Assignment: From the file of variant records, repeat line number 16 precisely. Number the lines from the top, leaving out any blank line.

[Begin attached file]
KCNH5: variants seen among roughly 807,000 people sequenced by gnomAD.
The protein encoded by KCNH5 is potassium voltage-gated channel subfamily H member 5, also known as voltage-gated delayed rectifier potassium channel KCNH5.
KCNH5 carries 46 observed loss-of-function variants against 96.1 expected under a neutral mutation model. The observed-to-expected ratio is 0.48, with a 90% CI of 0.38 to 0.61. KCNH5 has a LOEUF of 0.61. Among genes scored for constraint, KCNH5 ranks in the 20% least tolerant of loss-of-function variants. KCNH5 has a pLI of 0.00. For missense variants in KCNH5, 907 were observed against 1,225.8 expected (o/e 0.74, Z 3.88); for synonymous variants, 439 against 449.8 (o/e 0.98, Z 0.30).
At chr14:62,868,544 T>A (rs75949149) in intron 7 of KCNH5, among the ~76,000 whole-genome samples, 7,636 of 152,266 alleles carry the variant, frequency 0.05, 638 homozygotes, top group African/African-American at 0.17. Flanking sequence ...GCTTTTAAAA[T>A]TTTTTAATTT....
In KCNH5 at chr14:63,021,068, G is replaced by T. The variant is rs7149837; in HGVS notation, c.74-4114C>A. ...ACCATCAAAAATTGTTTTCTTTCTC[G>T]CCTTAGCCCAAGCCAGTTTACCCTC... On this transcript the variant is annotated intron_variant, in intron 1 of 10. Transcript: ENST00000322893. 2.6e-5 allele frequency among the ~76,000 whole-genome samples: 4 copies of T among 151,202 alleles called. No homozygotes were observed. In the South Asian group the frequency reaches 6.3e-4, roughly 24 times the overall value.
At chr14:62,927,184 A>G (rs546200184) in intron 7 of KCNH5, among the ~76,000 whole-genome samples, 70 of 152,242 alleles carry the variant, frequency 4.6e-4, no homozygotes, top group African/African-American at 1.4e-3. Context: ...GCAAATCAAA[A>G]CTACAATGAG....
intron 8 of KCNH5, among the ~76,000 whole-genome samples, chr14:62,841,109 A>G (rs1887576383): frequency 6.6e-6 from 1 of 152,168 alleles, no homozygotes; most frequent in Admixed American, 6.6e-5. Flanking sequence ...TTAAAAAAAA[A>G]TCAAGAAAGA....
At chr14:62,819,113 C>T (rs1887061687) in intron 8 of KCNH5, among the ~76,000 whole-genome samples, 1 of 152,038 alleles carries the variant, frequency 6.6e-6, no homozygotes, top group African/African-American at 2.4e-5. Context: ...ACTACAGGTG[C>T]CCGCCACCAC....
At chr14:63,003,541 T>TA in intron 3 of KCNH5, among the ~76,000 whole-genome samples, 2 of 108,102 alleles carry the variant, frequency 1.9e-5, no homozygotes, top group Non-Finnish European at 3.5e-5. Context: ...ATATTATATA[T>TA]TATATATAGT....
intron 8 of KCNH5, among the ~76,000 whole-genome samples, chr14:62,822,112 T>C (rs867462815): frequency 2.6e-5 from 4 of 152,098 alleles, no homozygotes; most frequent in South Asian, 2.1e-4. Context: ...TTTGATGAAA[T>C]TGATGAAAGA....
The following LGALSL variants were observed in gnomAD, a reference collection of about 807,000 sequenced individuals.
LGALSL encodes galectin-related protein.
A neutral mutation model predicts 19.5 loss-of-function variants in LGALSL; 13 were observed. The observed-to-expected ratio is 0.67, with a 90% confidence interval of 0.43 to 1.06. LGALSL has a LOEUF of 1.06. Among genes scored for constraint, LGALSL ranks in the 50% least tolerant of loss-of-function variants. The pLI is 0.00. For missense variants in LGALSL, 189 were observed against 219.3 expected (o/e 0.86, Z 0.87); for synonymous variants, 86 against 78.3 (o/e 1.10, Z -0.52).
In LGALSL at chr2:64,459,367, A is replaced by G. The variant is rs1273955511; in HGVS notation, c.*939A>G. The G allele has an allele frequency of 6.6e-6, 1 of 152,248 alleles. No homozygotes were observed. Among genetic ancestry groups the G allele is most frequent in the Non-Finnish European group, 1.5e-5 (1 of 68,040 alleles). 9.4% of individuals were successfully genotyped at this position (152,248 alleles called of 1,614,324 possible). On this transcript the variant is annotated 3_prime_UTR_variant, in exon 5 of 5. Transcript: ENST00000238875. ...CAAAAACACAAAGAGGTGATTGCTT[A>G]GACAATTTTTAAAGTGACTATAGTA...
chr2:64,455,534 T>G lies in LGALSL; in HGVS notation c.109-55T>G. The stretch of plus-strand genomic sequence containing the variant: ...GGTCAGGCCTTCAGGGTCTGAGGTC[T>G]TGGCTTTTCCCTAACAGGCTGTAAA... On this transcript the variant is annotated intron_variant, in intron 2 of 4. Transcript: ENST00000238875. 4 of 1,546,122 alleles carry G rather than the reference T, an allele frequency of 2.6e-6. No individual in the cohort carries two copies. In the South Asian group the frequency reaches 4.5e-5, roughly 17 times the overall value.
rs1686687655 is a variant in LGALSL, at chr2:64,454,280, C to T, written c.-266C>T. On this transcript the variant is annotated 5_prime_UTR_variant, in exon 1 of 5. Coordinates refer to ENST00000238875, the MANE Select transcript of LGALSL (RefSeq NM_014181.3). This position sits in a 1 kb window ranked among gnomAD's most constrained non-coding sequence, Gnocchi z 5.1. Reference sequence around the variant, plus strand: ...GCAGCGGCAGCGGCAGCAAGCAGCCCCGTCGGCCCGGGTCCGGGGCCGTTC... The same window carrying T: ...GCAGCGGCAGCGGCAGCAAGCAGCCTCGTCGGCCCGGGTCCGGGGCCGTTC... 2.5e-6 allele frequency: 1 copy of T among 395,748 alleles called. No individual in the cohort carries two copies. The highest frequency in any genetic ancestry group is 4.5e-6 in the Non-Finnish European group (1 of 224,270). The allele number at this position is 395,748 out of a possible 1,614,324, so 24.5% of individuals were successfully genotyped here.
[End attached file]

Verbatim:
rs1686687655 is a variant in LGALSL, at chr2:64,454,280, C to T, written c.-266C>T. On this transcript the variant is annotated 5_prime_UTR_variant, in exon 1 of 5. Coordinates refer to ENST00000238875, the MANE Select transcript of LGALSL (RefSeq NM_014181.3). This position sits in a 1 kb window ranked among gnomAD's most constrained non-coding sequence, Gnocchi z 5.1. Reference sequence around the variant, plus strand: ...GCAGCGGCAGCGGCAGCAAGCAGCCCCGTCGGCCCGGGTCCGGGGCCGTTC... The same window carrying T: ...GCAGCGGCAGCGGCAGCAAGCAGCCTCGTCGGCCCGGGTCCGGGGCCGTTC... 2.5e-6 allele frequency: 1 copy of T among 395,748 alleles called. No individual in the cohort carries two copies. The highest frequency in any genetic ancestry group is 4.5e-6 in the Non-Finnish European group (1 of 224,270). The allele number at this position is 395,748 out of a possible 1,614,324, so 24.5% of individuals were successfully genotyped here.